Breaking News
More () »

State senator's lawsuit against EPD says they entered into agreement with Sterigenics unlawfully

The lawsuit lays, among other things, that the state agency didn't provide the required period of public comment before issuing a consent order.

COBB COUNTY, Ga. — A Georgia state senator and a group of other residents living around a metro Atlanta plant will have their lawsuit against Georgia's Environmental Protection Division heard before a judge on Thursday.

The suit, led by State Senator Jen Jordan, accuses the agency of entering into an agreement with Sterigenics regarding the monitoring and reduction of ethylene oxide from its plant near Smyrna, Georgia - but not allowing public comment first.

The formal complaint suggests that the EPD and its federal equivalent, the Environmental Protection Agency, had access to "modeling data" that showed higher levels of ethylene oxide in parts of Georgia a full year before a scathing report released by WebMD and Georgia Health News. The lawsuit says that when the state did act, it left those most impacted by their decision in the dark - and without a voice.

RELATED: Neighbors hear about legislation being proposed to regulate ethylene oxide use

But complainants who live near the plant, some of them with cancer or with family members who died from it, say the EPD didn't take any action to measure the amounts of the cancerous chemical before entering the agreement with Sterigenics.

Complainants and others in the community have expressed concern that the amount of ethylene oxide released by the plant, along with leaks of various sizes, may have contributed to cancer in their own families.

Those named in the lawsuit suggest that the Georgia EPD "blatantly violated Georgia law" in its actions regarding the consent order with Steriginics.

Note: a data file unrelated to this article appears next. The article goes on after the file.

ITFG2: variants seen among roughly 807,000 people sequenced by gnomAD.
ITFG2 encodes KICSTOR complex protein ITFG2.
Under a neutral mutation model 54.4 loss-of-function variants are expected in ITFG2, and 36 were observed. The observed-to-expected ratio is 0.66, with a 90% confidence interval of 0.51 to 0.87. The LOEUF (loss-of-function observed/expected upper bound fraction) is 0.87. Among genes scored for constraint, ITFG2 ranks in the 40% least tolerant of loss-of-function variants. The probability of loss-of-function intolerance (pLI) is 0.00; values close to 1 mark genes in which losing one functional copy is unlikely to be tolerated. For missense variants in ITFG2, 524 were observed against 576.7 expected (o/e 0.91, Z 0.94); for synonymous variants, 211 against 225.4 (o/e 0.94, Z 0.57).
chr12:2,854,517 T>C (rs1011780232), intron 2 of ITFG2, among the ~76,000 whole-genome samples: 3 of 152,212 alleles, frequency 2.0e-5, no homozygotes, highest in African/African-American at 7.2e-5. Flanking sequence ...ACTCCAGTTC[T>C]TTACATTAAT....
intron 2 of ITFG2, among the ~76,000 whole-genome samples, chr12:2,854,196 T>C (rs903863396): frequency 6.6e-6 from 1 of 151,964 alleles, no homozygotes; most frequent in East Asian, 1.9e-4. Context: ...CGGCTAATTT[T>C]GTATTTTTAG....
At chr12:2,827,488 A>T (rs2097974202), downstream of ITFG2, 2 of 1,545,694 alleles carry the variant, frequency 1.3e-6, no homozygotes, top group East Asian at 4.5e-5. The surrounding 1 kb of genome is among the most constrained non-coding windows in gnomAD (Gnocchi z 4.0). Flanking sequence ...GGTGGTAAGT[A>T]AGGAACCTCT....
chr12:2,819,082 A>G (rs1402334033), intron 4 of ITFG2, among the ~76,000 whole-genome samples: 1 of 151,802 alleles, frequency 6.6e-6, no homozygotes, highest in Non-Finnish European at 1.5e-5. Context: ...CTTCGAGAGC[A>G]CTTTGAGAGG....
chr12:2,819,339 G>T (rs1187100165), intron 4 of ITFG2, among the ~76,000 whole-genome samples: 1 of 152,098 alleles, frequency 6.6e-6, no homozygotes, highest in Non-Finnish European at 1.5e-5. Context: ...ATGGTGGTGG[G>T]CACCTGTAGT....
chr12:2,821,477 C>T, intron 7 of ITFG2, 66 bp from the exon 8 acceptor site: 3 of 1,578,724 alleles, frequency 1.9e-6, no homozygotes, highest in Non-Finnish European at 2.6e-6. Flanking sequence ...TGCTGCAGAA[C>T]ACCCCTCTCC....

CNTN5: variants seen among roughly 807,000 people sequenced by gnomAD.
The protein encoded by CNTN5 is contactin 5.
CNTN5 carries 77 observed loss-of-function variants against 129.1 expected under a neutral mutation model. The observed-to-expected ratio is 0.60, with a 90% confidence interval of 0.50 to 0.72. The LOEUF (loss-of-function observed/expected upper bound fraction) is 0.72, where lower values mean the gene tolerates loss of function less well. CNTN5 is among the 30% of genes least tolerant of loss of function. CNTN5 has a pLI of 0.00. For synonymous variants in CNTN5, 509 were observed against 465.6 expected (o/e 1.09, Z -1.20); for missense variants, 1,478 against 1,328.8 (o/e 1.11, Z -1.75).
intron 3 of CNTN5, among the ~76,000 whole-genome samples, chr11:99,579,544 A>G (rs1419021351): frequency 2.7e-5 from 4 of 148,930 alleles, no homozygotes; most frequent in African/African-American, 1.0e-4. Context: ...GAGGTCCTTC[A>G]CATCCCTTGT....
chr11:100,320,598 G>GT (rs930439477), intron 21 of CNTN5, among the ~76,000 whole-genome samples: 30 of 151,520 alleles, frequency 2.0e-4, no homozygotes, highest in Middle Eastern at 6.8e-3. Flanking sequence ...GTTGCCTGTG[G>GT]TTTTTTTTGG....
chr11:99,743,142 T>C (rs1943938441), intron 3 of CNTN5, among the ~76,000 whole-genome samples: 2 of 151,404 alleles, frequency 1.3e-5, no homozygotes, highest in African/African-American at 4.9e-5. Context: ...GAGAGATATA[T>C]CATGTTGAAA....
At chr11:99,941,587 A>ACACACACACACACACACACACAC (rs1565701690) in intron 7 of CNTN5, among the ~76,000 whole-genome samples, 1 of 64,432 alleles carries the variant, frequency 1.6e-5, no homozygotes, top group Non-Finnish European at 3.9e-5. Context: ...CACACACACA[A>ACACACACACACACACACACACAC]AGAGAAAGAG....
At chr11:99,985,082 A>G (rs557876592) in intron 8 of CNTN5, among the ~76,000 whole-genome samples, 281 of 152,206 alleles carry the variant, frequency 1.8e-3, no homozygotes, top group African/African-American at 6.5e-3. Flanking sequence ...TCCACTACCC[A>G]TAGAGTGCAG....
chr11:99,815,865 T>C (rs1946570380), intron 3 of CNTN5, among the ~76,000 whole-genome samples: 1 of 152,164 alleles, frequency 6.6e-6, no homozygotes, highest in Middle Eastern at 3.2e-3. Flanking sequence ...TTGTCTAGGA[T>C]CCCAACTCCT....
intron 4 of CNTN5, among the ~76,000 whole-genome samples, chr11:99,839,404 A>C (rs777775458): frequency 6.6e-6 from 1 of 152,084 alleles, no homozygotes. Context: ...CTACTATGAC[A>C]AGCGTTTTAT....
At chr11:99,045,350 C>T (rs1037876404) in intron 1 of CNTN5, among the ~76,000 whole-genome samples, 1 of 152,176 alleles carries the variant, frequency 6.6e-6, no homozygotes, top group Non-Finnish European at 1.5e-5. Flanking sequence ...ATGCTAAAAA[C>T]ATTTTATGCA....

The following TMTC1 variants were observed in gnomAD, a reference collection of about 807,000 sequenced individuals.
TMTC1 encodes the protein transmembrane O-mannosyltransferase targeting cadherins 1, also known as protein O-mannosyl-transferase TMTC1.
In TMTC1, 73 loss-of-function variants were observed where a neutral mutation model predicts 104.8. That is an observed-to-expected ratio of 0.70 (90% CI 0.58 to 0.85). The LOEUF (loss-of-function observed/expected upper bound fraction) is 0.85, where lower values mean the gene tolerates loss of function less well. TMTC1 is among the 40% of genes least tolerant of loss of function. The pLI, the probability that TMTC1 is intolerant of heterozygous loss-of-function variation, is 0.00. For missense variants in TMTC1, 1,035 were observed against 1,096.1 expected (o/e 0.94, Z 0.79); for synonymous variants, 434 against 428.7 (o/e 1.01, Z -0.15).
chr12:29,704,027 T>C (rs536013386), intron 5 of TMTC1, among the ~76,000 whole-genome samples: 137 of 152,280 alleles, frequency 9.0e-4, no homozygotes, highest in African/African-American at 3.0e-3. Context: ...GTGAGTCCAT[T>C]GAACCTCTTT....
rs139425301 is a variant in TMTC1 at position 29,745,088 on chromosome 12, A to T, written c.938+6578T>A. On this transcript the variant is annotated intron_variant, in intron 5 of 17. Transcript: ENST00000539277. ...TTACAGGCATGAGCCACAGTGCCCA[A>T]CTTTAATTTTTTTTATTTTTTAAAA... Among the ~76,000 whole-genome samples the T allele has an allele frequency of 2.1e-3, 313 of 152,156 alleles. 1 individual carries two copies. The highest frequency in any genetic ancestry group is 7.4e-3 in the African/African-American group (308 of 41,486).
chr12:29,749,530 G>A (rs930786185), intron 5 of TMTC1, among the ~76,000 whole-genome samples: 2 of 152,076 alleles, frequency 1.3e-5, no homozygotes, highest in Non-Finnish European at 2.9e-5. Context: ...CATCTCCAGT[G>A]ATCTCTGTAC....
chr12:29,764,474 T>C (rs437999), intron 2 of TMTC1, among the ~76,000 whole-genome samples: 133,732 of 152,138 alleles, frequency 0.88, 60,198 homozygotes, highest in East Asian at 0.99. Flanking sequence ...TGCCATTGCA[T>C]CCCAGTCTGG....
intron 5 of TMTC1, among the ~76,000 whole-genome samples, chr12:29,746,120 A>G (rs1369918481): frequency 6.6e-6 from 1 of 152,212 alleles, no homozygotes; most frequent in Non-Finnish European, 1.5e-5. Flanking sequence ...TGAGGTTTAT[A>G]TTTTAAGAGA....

RELATED: Georgia Rep. Hice helps form Congressional task force to examine ethylene oxide issue

"Georgia EPD gave no notice to the public of the contents its proposed consent order and gave no opportunity for public comment," the lawsuit suggests.

It also says that even had the EPD decided to do nothing, "at very least Petitioners would have had their legal right to be heard preserved and not interfered with."

The suit also said that "Georgia EPD's own EtO risk analysis" concluded that emission levels resulted in a 27 to 61-times higher risk to residents around the facility than the "state finds acceptable."

Meanwhile, the lawsuit says that Sterigenics' proposed emissions level which the consent order is based on to address the problem "still exceeds the acceptable annual risk level by 12 to 24 times."

RELATED: EPA announces new effort to reduce ethylene oxide emissions nationwide

The lawsuit further hammers the agency for premature approval of a permit to Sterigenics and its agreement "that Sterigenics could continue to operate and pump carcinogenic EtO into the Petitioners' neighborhoods, shopping centers, playgrounds, sports fields, and schools" while both the state agency and company were still accessing the severity of the issue.

The lawsuit requests that a judge rule the August consent order invalid buy being in violation of applicable law. It is also directing the EPD to follow law and procedure in future consent orders between the agency and Sterigenics - particularly regarding public notice and comment.

Meanwhile, Sterigenics has been in the process of installing new equipment to limit the amount of ethylene oxide allowed in the air.


Woman stabbed in car fights to survive after being hit by another car while trying to escape

Trooper's patrol car, fleeing SUV overturn during pursuit on I-575

Fulton deputy survives wreck only to be killed by hit-and-run driver seconds later

Before You Leave, Check This Out